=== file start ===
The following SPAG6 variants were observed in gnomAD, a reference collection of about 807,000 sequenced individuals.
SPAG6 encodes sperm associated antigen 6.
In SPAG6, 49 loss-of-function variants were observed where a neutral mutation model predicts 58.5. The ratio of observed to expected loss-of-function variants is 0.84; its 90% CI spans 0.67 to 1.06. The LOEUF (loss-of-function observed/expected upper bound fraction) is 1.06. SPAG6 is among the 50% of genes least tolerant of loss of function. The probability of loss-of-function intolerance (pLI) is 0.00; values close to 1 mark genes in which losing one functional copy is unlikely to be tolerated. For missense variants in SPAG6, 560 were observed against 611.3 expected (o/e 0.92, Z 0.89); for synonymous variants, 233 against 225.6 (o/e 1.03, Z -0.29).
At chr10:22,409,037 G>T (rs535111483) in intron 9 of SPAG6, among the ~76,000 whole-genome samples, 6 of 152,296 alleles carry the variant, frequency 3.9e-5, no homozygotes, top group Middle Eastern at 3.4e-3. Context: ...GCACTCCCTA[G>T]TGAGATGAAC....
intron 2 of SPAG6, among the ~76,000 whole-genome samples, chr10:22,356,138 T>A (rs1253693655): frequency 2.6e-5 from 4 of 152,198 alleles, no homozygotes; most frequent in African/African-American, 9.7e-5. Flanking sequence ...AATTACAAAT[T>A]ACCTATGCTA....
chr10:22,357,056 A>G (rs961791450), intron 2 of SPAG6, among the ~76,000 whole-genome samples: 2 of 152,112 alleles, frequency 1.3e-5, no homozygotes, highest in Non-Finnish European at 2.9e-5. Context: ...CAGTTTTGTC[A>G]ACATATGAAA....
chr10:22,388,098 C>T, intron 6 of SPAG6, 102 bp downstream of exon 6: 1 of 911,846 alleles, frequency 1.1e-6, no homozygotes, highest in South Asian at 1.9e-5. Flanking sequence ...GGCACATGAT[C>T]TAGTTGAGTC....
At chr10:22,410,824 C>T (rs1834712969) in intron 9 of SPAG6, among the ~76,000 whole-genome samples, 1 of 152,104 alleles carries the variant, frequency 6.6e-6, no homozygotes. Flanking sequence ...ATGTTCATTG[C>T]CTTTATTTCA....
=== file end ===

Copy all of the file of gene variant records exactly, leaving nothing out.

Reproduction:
The following SPAG6 variants were observed in gnomAD, a reference collection of about 807,000 sequenced individuals.
SPAG6 encodes sperm associated antigen 6.
In SPAG6, 49 loss-of-function variants were observed where a neutral mutation model predicts 58.5. The ratio of observed to expected loss-of-function variants is 0.84; its 90% CI spans 0.67 to 1.06. The LOEUF (loss-of-function observed/expected upper bound fraction) is 1.06. SPAG6 is among the 50% of genes least tolerant of loss of function. The probability of loss-of-function intolerance (pLI) is 0.00; values close to 1 mark genes in which losing one functional copy is unlikely to be tolerated. For missense variants in SPAG6, 560 were observed against 611.3 expected (o/e 0.92, Z 0.89); for synonymous variants, 233 against 225.6 (o/e 1.03, Z -0.29).
At chr10:22,409,037 G>T (rs535111483) in intron 9 of SPAG6, among the ~76,000 whole-genome samples, 6 of 152,296 alleles carry the variant, frequency 3.9e-5, no homozygotes, top group Middle Eastern at 3.4e-3. Context: ...GCACTCCCTA[G>T]TGAGATGAAC....
intron 2 of SPAG6, among the ~76,000 whole-genome samples, chr10:22,356,138 T>A (rs1253693655): frequency 2.6e-5 from 4 of 152,198 alleles, no homozygotes; most frequent in African/African-American, 9.7e-5. Flanking sequence ...AATTACAAAT[T>A]ACCTATGCTA....
chr10:22,357,056 A>G (rs961791450), intron 2 of SPAG6, among the ~76,000 whole-genome samples: 2 of 152,112 alleles, frequency 1.3e-5, no homozygotes, highest in Non-Finnish European at 2.9e-5. Context: ...CAGTTTTGTC[A>G]ACATATGAAA....
chr10:22,388,098 C>T, intron 6 of SPAG6, 102 bp downstream of exon 6: 1 of 911,846 alleles, frequency 1.1e-6, no homozygotes, highest in South Asian at 1.9e-5. Flanking sequence ...GGCACATGAT[C>T]TAGTTGAGTC....
At chr10:22,410,824 C>T (rs1834712969) in intron 9 of SPAG6, among the ~76,000 whole-genome samples, 1 of 152,104 alleles carries the variant, frequency 6.6e-6, no homozygotes. Flanking sequence ...ATGTTCATTG[C>T]CTTTATTTCA....